Sami Zayn Says He Recently Yelled At A WWE Writer, Discusses Talent Advice

WWE |By Andrew Hatcher |Wed, March 31, 2021 - 5:33PM EDT

WWE superstar Sami Zayn was a recent guest on the Gettin Better with Ron Funches podcast to discuss a backstage argument he got into with a WWE writer, and how the former I.C. champion instantly apologized admitting he was having a bad day. Highlights from the interview are below.

Says he blew up on a writer but instantly apologized:

Not to pull the curtain back too far here but, literally last week at WWE television on SmackDown, I was having a real bad week. I was really frustrated about a lot of little things and they were just adding up and I could feel myself getting angrier and angrier throughout the day and I was really working on reining it in, and then finally, a guy who I was — one of the writers was helping me with something, came in and he gave me something and it was like the straw that broke the camel’s back and I kinda lost it on him a little bit and as I was losing it on him, I was apologizing because I was saying, ‘This is not directed at you. This is misdirected anger. I’m sorry, I can’t deal with this right now. It’s too much. I just can’t put up with this right now’ and I kinda talked down to him, but I immediately apologized but I still felt like, ‘Ah, it caught me a little bit’ because as I did it, I knew I’m talking this way to this guy because I know I can get away with talking this way to this guy, right? I couldn’t talk to Vince McMahon the way I just talked to this guy and my whole thing is I don’t ever wanna talk one way to somebody that I wouldn’t wanna talk to somebody else. That is again, sort of this principle thing that I have for myself. Just because you can abuse someone or treat someone worse because they’re lower on this made-up totem pole, doesn’t mean you should, right? If that’s something you believe. It’s something I believe and I think we all believe that on a philosophical level or on a conceptual level, yeah, we can all agree on that but in practice and in reality, you see it every day.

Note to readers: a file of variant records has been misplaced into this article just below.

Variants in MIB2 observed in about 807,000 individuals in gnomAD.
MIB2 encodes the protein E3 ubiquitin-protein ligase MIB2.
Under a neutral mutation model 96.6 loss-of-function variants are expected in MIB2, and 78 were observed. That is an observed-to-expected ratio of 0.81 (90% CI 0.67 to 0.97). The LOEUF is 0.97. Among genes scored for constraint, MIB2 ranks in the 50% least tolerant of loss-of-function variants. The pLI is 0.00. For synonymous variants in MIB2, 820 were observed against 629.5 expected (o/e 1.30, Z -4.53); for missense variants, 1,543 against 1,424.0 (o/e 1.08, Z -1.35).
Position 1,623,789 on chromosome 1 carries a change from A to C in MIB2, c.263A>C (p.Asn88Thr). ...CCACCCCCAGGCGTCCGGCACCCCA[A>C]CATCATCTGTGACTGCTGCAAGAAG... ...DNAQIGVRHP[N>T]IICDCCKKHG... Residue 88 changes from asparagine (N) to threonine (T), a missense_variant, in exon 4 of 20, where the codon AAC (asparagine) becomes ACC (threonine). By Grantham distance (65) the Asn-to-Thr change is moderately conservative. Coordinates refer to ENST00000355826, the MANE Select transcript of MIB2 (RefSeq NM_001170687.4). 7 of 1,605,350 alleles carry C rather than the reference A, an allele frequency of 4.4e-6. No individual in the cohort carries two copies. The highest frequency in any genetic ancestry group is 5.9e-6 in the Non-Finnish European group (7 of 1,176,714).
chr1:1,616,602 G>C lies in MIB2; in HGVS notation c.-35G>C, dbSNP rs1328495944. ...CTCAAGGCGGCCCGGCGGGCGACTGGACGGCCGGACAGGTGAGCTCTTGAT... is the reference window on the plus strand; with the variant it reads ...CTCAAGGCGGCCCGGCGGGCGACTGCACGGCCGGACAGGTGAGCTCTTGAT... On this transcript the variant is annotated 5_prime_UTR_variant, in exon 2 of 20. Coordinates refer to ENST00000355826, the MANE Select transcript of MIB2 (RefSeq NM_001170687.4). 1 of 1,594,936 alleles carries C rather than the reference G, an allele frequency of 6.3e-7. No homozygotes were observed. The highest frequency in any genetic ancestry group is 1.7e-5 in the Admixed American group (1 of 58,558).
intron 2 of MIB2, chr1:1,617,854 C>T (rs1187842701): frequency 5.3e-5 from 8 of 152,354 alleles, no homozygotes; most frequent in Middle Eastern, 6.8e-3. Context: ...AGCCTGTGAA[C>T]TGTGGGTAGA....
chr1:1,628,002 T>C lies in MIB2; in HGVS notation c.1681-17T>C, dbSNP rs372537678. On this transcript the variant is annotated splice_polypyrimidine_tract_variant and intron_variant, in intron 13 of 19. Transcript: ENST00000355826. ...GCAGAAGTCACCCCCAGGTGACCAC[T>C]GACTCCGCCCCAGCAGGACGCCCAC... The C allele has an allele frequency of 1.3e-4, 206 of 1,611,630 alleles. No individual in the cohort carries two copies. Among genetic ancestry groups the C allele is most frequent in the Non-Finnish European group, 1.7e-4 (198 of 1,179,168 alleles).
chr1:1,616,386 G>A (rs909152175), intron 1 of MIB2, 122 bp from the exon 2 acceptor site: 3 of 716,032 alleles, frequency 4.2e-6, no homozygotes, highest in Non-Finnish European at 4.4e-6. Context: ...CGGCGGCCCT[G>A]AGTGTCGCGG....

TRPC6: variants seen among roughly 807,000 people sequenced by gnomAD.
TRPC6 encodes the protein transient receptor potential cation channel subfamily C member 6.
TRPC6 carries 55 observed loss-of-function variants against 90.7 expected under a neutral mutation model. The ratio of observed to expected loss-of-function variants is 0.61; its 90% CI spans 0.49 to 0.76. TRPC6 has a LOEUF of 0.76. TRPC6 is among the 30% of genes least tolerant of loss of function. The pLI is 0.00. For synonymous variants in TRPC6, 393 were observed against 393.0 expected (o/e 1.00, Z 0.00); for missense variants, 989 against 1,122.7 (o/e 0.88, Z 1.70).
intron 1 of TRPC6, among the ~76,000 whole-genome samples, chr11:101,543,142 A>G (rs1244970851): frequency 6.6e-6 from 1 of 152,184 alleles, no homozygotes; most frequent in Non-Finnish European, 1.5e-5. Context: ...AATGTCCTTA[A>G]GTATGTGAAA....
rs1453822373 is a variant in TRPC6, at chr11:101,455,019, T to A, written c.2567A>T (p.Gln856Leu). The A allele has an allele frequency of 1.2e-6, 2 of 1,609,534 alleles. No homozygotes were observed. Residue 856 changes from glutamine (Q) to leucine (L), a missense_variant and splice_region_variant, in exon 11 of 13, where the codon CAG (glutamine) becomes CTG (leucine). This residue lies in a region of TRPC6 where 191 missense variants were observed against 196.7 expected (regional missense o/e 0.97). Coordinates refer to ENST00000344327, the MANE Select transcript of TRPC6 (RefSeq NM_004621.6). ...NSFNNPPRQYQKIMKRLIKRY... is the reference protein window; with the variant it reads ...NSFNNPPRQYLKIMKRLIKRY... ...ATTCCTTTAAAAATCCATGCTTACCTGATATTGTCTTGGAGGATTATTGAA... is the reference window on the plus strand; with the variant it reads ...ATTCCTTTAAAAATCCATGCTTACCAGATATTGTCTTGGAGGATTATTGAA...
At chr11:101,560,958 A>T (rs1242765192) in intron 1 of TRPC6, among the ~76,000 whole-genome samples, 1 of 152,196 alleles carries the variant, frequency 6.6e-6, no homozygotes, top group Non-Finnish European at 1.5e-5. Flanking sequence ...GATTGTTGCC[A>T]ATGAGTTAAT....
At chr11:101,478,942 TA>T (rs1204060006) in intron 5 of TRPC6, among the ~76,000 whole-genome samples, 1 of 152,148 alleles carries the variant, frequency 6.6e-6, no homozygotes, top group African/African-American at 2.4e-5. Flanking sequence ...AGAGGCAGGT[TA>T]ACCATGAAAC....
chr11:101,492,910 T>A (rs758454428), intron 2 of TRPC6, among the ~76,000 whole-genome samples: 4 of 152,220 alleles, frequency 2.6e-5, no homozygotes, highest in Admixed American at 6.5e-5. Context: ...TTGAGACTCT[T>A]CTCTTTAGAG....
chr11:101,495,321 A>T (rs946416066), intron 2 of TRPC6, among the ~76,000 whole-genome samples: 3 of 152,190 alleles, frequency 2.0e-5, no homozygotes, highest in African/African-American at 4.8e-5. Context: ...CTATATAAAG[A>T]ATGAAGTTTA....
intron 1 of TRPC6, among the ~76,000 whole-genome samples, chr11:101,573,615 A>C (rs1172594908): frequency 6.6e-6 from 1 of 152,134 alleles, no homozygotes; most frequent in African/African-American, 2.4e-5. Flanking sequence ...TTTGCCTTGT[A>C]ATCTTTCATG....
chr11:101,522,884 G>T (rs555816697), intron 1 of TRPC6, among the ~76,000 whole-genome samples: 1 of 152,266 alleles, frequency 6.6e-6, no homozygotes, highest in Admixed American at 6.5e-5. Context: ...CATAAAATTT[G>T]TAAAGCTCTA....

On advice he's given to fresh talents coming into the WWE system:

So this is something I’ve been saying to some wrestlers who struggle sometimes the way I kind of did when they get to WWE: I told them you almost have to look at WWE for example, or like big time show business type stuff, movies. Maybe it’s all the same. I think it is but whatever. I don’t know for sure. It’s almost two separate art forms. It’s like if you’re a painter and I give you a blank canvas and all the colors you could ever want and I go, ‘Paint me a masterpiece.’ Alright, if we hire ten great artists, you’ll probably get ten great paintings. But working with WWE and working within all these constraints and working within a very specific framework, it’s almost like being a great painter and being handed a coloring book with three or four different colors and say, ‘Okay, here you go. Make sure to color within the lines but what you do with it is up to you,’ and anybody — I’m not saying anybody but any great painter could paint a great piece on a blank canvas. But how good can you make this coloring book look. It’s like a totally different — it’s almost a different art form. It’s how good could you work with handcuffs on? How good could you work within this really, really tight box when we gotta check five or six different goals in three or four minutes and still make it good, you know what I’m saying? It almost became a totally different art form that I don’t think everybody can do. You can be a great wrestler and still not be a great WWE wrestler because it’s almost a different — it’s almost a different ballpark all together.

(H/T and transcribed by Post Wrestling)